Busy days/nights, a bout with bronchitis, and an out-of-state college visit with my oldest daughter have all pulled me away from the blog the last couple of weeks, and I've missed it. It's nice to get back in the saddle again.
I'll return soon to the graduation mini-series that started last month, but I'd like to use the next several postings to address other topics of importance. I'd like to start by reflecting on a powerful instructional experience I observed last week at Mountain View Elementary. The Deaf Deaf World activities held there last week are unlikely to have a direct impact on student test scores in reading, writing, or mathematics, but will have a profound impact on that learning community in maintaining its tradition of developing students to be respectful, empathetic, and inclusive in their work together. It's another example of how some of the most important lessons taught to our students cannot be measured or quantified.
Mountain View, as some of you know, serves over 650 preschool and elementary students in total, and approximately 85 of them are deaf or hearing impaired. These deaf/hearing impaired students (DHH pupils) come to Mountain View from throughout our District and six nearby districts. Last Wednesday, many of these students served as teachers to their peers -- and the adults -- in several experiential learning activities.
The lesson started in a classroom space that was refashioned as the "cafeteria" for the day. DHH students sat at tables with two types of popcorn packaged in ziplock bags. Both types looked identical -- but one had buttery popcorn inside, and the other was coated with white pepper. The DHH students communicated with the non-hearing impaired students in sign language to explain the choices between the popcorn types, but in the end many of the customers -- myself included -- selected the peppered popcorn. As a teacher later explained to students at the end of the activity, that experience was similar to one encountered by DHH pupils as they try to communicate with food service staff untrained in sign language and attempt to navigate between mild and hot salsa choices in the cafeteria.
Students later participated in a game in which all of the rules were communicated by the teacher in sign language. The non-hearing impaired students found themselves consistently breaking the rules of the game, especially on the front half of the activity, because they had no understanding of the rules/objectives. In the reflection that followed, students recognized the parallels of this exercise to the challenges faced by DHH pupils as they attempt to join activities with peers on the playground or in the classroom that are described in spoken words they cannot understand.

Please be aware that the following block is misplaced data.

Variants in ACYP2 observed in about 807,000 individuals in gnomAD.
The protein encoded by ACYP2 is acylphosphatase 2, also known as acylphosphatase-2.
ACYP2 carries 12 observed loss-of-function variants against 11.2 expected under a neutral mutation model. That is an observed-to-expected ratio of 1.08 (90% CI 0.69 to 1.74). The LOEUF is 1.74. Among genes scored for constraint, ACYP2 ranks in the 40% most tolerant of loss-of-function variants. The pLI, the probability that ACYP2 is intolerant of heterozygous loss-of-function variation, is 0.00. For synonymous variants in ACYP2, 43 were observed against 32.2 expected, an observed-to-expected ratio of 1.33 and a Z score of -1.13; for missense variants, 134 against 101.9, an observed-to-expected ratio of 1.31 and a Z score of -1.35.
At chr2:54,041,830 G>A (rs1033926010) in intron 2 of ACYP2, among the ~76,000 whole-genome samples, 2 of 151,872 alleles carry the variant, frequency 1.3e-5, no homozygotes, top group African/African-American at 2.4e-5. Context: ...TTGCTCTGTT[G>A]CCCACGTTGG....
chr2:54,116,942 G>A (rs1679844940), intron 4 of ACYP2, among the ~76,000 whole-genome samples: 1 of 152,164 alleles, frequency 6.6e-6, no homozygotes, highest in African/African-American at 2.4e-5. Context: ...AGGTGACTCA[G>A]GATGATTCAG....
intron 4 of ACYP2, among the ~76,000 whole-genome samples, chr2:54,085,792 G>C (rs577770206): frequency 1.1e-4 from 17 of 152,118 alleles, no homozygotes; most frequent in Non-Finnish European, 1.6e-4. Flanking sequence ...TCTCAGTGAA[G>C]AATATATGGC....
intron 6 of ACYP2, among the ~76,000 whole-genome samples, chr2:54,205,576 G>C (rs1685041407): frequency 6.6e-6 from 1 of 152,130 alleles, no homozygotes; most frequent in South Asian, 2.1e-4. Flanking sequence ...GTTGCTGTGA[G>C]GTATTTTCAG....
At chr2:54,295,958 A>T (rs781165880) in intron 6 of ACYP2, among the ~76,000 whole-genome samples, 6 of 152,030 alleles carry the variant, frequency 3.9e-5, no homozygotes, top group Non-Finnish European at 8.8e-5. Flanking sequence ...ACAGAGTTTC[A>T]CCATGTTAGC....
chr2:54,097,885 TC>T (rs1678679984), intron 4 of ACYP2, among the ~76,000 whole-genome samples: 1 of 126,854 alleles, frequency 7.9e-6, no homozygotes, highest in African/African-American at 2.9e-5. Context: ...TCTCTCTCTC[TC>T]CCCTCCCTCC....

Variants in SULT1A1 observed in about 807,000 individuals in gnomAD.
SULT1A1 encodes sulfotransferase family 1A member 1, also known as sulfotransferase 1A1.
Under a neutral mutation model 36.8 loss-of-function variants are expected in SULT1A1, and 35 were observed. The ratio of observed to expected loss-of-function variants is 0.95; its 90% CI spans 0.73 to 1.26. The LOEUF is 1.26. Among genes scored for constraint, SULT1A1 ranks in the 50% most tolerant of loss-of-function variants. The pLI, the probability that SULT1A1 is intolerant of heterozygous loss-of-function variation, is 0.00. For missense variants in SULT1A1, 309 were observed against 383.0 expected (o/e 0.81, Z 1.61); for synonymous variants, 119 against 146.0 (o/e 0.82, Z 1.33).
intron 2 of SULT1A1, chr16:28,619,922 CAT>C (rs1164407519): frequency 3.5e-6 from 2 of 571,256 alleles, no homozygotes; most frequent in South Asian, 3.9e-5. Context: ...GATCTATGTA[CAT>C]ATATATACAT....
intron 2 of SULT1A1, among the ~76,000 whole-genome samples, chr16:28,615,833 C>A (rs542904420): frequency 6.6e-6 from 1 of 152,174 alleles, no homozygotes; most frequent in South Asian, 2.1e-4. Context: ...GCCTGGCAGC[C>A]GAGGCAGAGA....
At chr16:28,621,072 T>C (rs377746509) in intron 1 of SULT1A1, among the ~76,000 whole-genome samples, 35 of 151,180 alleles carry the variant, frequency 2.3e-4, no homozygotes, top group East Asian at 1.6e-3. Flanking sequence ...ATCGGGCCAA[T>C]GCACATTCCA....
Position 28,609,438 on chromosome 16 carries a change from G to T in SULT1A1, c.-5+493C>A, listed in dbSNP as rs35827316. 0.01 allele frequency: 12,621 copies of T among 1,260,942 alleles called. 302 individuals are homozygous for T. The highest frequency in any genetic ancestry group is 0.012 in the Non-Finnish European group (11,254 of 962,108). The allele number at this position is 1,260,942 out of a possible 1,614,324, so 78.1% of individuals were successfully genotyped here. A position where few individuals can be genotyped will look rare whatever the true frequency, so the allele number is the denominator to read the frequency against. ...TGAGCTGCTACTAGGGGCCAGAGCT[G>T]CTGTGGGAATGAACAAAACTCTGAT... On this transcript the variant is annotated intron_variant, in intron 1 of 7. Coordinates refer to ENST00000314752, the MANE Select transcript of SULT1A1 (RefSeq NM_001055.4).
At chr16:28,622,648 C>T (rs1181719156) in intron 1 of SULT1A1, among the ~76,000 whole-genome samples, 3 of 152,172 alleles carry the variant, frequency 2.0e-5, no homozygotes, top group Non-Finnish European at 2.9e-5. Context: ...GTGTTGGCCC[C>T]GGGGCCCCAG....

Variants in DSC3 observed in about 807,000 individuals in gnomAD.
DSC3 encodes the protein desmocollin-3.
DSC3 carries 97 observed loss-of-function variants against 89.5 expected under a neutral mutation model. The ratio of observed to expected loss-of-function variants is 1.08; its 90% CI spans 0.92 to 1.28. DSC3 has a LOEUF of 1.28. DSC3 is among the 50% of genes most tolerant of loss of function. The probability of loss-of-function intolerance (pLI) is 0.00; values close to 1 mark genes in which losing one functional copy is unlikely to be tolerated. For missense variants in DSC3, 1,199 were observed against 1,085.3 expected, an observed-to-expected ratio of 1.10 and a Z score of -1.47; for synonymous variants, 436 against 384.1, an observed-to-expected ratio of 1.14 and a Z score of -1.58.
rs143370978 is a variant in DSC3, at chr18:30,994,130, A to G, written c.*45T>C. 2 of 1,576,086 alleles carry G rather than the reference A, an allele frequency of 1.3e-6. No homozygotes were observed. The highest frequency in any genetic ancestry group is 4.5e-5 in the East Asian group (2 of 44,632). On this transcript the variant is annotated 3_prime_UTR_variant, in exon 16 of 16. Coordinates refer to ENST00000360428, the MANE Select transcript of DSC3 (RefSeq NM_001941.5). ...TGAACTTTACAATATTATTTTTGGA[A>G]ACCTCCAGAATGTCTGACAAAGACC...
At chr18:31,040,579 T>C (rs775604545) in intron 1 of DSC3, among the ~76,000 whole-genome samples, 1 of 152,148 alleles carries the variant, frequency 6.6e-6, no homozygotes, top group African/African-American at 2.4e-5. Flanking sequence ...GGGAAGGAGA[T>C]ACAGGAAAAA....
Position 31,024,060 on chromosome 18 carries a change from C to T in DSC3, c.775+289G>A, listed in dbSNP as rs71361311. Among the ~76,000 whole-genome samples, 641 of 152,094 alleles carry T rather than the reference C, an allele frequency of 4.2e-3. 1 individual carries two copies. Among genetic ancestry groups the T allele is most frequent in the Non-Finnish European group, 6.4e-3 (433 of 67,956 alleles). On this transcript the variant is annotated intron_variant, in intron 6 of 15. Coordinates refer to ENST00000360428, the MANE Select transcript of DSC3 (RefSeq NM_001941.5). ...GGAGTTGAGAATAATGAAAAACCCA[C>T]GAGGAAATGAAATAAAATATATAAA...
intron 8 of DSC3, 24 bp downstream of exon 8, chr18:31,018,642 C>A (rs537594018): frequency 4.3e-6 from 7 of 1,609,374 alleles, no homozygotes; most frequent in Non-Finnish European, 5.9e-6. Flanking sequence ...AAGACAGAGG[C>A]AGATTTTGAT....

The frustration grew for the non-hearing impaired students as they transitioned to other activities in this exercise, as they were not allowed to speak until they were through with all of it. Students watched a video in which a man told an engaging story -- for those who understood sign language. The other students lost interest and usually stopped paying attention. They then transitioned to a station in which they attempted to check out books from a school library in which all of the librarians communicated only in sign language. It was common to witness the non-hearing impaired students looking at the work of their peers as they tried to navigate through this confusing process -- and it helped them understand that the DHH peers looking at their written work in regular classrooms weren't "cheating," as some of them may have concluded before, but trying to decipher a complex process so that they, too, could meet the teacher's expectations.
When the non-hearing impaired students finished their work at all of the stations and were allowed to speak, I heard many of them sigh with relief or make comments about how glad they were to be able to speak again. And they also recognized, with some guided discussion from school staff, that the challenges and frustrations they had just worked through are not temporary for their DHH peers; they battle through them each day in our highly verbal society and have limited opportunities to participate in learning and social activities in which everyone in the room communicates in the same language.
I'm confident -- although I won't be able to measure or quantify it -- that the non-hearing impaired students will now be more patient with their DHH peers as they make choices in the cafeteria; more inviting to their DHH peers as they include them in games/activities; and more empathetic as their DHH buddies look at their worksheets with the purpose of better understanding the teacher's expectations. And I'm also confident that these lessons regarding interpersonal relationships will be as important to their future success as those provided in the core content areas. My hope is that all of the students in our district will have a comparable opportunity to develop these skills essential for thriving in the 21st century.